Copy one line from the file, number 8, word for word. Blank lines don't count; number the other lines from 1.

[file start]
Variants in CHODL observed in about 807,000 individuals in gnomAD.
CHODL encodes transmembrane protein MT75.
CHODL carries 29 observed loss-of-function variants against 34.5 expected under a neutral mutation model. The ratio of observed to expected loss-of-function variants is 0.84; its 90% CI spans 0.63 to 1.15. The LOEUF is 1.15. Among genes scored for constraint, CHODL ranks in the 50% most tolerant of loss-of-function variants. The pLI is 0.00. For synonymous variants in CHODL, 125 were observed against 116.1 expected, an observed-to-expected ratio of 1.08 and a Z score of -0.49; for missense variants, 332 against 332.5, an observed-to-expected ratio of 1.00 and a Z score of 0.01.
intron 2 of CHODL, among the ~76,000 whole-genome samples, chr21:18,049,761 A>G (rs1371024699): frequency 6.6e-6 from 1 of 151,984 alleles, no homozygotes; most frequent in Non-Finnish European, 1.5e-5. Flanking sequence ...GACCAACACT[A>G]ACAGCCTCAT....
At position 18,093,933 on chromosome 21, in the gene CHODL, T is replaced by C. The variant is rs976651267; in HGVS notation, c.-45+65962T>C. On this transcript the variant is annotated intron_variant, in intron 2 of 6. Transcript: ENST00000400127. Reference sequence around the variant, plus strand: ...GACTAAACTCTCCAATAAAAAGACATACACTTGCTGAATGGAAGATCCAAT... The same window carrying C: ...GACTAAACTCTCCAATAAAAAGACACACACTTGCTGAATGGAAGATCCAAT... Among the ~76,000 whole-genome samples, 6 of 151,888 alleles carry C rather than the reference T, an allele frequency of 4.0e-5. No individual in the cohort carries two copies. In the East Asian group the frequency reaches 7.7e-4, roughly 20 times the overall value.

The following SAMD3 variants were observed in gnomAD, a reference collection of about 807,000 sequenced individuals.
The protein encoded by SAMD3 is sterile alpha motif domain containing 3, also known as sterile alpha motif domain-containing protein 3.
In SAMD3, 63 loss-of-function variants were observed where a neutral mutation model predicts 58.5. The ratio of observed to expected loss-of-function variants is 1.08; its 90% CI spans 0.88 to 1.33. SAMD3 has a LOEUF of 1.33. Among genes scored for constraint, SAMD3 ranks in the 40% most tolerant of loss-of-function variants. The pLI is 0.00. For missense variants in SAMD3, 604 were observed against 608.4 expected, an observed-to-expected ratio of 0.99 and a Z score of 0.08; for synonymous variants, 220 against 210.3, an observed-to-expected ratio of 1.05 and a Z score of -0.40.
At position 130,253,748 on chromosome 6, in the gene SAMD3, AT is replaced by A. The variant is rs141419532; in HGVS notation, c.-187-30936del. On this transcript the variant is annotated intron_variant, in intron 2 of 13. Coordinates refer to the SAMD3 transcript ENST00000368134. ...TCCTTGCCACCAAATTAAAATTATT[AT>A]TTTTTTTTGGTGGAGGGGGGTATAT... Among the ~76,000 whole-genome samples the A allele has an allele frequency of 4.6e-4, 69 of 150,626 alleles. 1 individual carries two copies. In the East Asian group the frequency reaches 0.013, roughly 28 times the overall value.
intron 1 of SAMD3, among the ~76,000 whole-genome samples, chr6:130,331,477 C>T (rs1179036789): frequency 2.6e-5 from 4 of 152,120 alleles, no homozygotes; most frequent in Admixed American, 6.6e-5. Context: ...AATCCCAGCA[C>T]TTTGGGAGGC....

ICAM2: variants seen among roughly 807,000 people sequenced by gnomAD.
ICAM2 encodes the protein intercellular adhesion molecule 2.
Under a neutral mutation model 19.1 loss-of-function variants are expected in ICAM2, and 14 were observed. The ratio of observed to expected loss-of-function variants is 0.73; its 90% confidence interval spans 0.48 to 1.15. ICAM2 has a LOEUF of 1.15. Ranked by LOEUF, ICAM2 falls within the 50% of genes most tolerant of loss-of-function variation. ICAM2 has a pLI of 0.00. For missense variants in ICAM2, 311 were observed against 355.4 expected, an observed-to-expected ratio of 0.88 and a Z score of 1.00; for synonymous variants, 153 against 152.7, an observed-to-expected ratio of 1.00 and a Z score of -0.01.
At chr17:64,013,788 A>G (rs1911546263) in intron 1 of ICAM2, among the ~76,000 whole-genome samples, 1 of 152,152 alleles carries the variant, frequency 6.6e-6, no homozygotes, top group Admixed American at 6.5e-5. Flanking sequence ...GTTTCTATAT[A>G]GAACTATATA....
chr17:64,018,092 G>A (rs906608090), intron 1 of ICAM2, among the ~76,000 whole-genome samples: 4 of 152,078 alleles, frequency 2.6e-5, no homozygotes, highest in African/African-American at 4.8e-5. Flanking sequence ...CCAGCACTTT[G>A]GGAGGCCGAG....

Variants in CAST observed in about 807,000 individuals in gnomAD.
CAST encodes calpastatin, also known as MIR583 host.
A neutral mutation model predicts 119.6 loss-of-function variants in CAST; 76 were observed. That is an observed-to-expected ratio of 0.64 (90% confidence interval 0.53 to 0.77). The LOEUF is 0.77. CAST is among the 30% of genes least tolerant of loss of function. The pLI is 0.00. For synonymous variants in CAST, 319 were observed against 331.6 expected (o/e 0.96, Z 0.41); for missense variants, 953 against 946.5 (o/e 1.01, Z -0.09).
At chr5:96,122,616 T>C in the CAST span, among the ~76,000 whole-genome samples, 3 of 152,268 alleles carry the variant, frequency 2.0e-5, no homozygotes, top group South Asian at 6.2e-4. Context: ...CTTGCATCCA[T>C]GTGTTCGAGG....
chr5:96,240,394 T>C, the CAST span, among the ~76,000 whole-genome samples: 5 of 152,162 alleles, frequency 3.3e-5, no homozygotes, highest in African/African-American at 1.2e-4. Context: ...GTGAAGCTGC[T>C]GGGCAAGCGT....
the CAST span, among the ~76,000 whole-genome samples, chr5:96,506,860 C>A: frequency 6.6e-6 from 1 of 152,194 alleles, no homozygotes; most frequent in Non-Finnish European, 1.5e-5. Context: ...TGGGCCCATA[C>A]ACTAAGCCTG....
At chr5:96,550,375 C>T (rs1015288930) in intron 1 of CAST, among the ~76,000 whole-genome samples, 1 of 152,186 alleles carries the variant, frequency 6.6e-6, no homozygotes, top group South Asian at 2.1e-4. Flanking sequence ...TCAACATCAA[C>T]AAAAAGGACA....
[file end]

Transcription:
In SAMD3, 63 loss-of-function variants were observed where a neutral mutation model predicts 58.5. The ratio of observed to expected loss-of-function variants is 1.08; its 90% CI spans 0.88 to 1.33. SAMD3 has a LOEUF of 1.33. Among genes scored for constraint, SAMD3 ranks in the 40% most tolerant of loss-of-function variants. The pLI is 0.00. For missense variants in SAMD3, 604 were observed against 608.4 expected, an observed-to-expected ratio of 0.99 and a Z score of 0.08; for synonymous variants, 220 against 210.3, an observed-to-expected ratio of 1.05 and a Z score of -0.40.